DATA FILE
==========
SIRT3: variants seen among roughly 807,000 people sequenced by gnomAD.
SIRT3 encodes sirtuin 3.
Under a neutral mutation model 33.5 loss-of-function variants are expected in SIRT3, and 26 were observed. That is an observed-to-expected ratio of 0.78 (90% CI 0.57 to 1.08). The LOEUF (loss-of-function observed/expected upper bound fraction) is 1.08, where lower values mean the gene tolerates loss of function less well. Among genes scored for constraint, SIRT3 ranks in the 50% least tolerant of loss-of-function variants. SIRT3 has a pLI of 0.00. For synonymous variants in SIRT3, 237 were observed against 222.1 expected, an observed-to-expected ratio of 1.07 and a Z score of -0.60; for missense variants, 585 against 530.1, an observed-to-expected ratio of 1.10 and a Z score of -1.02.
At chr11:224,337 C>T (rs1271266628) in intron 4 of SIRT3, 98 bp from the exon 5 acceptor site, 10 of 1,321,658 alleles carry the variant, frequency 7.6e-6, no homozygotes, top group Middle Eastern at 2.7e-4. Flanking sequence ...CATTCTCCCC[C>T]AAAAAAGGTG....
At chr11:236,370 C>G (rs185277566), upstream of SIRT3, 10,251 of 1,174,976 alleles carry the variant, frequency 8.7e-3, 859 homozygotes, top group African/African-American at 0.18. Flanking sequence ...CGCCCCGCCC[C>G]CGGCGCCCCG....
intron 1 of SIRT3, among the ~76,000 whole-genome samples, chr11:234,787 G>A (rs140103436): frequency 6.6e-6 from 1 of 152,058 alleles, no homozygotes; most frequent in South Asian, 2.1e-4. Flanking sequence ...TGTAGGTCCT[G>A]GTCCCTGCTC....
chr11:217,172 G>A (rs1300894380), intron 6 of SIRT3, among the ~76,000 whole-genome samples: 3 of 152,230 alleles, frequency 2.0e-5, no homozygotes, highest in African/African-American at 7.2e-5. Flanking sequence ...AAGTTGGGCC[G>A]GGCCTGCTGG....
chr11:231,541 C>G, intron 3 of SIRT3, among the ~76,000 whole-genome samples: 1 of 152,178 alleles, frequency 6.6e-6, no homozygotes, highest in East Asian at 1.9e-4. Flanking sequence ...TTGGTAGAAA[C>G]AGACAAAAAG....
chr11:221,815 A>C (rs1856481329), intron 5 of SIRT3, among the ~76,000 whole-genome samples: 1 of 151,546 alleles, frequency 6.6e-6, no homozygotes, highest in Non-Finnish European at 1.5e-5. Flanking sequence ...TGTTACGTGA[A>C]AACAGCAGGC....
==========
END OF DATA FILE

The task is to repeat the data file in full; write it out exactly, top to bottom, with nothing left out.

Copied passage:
SIRT3: variants seen among roughly 807,000 people sequenced by gnomAD.
SIRT3 encodes sirtuin 3.
Under a neutral mutation model 33.5 loss-of-function variants are expected in SIRT3, and 26 were observed. That is an observed-to-expected ratio of 0.78 (90% CI 0.57 to 1.08). The LOEUF (loss-of-function observed/expected upper bound fraction) is 1.08, where lower values mean the gene tolerates loss of function less well. Among genes scored for constraint, SIRT3 ranks in the 50% least tolerant of loss-of-function variants. SIRT3 has a pLI of 0.00. For synonymous variants in SIRT3, 237 were observed against 222.1 expected, an observed-to-expected ratio of 1.07 and a Z score of -0.60; for missense variants, 585 against 530.1, an observed-to-expected ratio of 1.10 and a Z score of -1.02.
At chr11:224,337 C>T (rs1271266628) in intron 4 of SIRT3, 98 bp from the exon 5 acceptor site, 10 of 1,321,658 alleles carry the variant, frequency 7.6e-6, no homozygotes, top group Middle Eastern at 2.7e-4. Flanking sequence ...CATTCTCCCC[C>T]AAAAAAGGTG....
At chr11:236,370 C>G (rs185277566), upstream of SIRT3, 10,251 of 1,174,976 alleles carry the variant, frequency 8.7e-3, 859 homozygotes, top group African/African-American at 0.18. Flanking sequence ...CGCCCCGCCC[C>G]CGGCGCCCCG....
intron 1 of SIRT3, among the ~76,000 whole-genome samples, chr11:234,787 G>A (rs140103436): frequency 6.6e-6 from 1 of 152,058 alleles, no homozygotes; most frequent in South Asian, 2.1e-4. Flanking sequence ...TGTAGGTCCT[G>A]GTCCCTGCTC....
chr11:217,172 G>A (rs1300894380), intron 6 of SIRT3, among the ~76,000 whole-genome samples: 3 of 152,230 alleles, frequency 2.0e-5, no homozygotes, highest in African/African-American at 7.2e-5. Flanking sequence ...AAGTTGGGCC[G>A]GGCCTGCTGG....
chr11:231,541 C>G, intron 3 of SIRT3, among the ~76,000 whole-genome samples: 1 of 152,178 alleles, frequency 6.6e-6, no homozygotes, highest in East Asian at 1.9e-4. Flanking sequence ...TTGGTAGAAA[C>G]AGACAAAAAG....
chr11:221,815 A>C (rs1856481329), intron 5 of SIRT3, among the ~76,000 whole-genome samples: 1 of 151,546 alleles, frequency 6.6e-6, no homozygotes, highest in Non-Finnish European at 1.5e-5. Flanking sequence ...TGTTACGTGA[A>C]AACAGCAGGC....